Remarks by Ambassador Alejandro D. Wolff, U.S. Deputy Representative to the United Nations, at debate on United Nations Security Council Working Methods Reform

Alejandro Wolff
Deputy Permanent Representative to the United Nations 
U.S. Mission to the United Nations 
New York, NY
April 22, 2010


Mr. President, the United States appreciates Japan’s commitment to improving the working methods of the Security Council, and your initiative in convening this open debate.  We'd like to recognize your outstanding work as Chair of the Security Council Working Group on Documentation and Other Procedural Questions and the excellent management of these issues by your Mission.

The Council has a solemn responsibility to take the primary role in preserving international peace and security on behalf of the entire membership of the United Nations.  It is important that in carrying out this role, our work be as effective, efficient and transparent as possible.  Article 30 of the Charter mandates the Council to adopt its own rules of procedures. In doing so, the Council understands the importance of making sure that other UN members, who are our partners in the maintenance of international peace and security, are informed of and appropriately involved in the Council’s work.

Today's debate focuses on the implementation of the annex to Presidential note S/2006/507. That note was the result of intensive work in the Informal Working Group on Documentation and Other Procedural Issues and was a significant step forward.   The Security Council undertook a number of measures to improve the transparency of its work. All Council members have made significant contributions to this effort.

With respect to transparency for example, the Council established a new practice whereby new Council Presidents brief non-Council members shortly after the adoption of each month’s program of work.  The practice of each Council presidency preparing a published assessment of its month-long term expands the information available to the general membership and provides a snapshot of the problems faced by the Council in its work and how these problems have been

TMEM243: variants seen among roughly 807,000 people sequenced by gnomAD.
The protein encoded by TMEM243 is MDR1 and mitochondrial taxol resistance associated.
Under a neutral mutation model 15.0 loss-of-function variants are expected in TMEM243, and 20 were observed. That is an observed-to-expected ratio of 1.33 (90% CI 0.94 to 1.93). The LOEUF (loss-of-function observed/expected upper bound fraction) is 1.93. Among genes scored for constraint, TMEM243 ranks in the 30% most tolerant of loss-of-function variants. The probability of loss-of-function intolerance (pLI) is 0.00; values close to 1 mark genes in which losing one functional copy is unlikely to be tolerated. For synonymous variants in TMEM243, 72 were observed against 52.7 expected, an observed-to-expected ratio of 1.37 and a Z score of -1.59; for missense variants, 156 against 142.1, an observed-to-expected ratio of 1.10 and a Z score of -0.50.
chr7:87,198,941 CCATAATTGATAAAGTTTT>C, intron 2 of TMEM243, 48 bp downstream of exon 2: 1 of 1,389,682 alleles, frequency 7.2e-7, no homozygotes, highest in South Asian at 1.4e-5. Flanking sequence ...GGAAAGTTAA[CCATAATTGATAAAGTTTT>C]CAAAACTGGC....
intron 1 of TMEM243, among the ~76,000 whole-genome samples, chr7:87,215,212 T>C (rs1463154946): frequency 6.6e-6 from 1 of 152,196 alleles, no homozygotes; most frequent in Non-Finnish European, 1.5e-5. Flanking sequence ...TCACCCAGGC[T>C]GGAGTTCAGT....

The Council also increased its interaction and dialogue with non-Council members in a variety of ways including through informal discussions with interested parties to seek their views.   Open Security Council meetings such as the one we’re in today provide the opportunity for general members to participate and we’re pleased that about 20 percent of the members are doing so today.  Another example is the open debate the Security Council organized on the implementation of resolution 1540 last fall.   The 1540 Committee purposely developed an open
and transparent three-day event for all UN member states, relevant non-governmental organizations and civil society to present findings on 1540 implementation.  The event was well
attended and included a civil society plenary session side event organized by the Stanley Foundation.  We again encourage as many members as possible to attend open meetings, which are the Council’s preferred method of meeting whenever possible.

The Council’s subsidiary bodies have also increased their number of open meetings.  The Counter-Terrorism Committee’s Chair, Turkish Permanent Representative Ambassador Apakan -
in conjunction with the Counter-Terrorism Executive Director Mike Smith, have already held two open meetings this year; the first on &the challenge of effective judicial cooperation and the second on maritime security and terrorist acts committed at sea.

Making the work of the Council more efficient requires constant efforts.  In this regard, we al face the challenge of balancing the substance with the length of each of our statements so that we can convey our message as succinctly and clearly as possible.  All of us, whether or not we are Council members, should strive to do better on this score so that meetings can be conducted in a manner that allows as many member states to speak with as many other states present to hear them.

Today’s debate offers an opportunity for the Council to hear first hand whether the practical applications of the innovations listed in the previous Presidential 507 notes have helped UN member states to follow the Council’s work. We intend to listen carefully to constructive comments in order to assess the effectiveness of practices and measures taken by the Council to enhance transparency, dialogue, and efficiency.  This information will help inform the future
efforts of the Council’s Working Group on Documentation and Procedure.

Thank you Mr. President.


PRN: 2010/070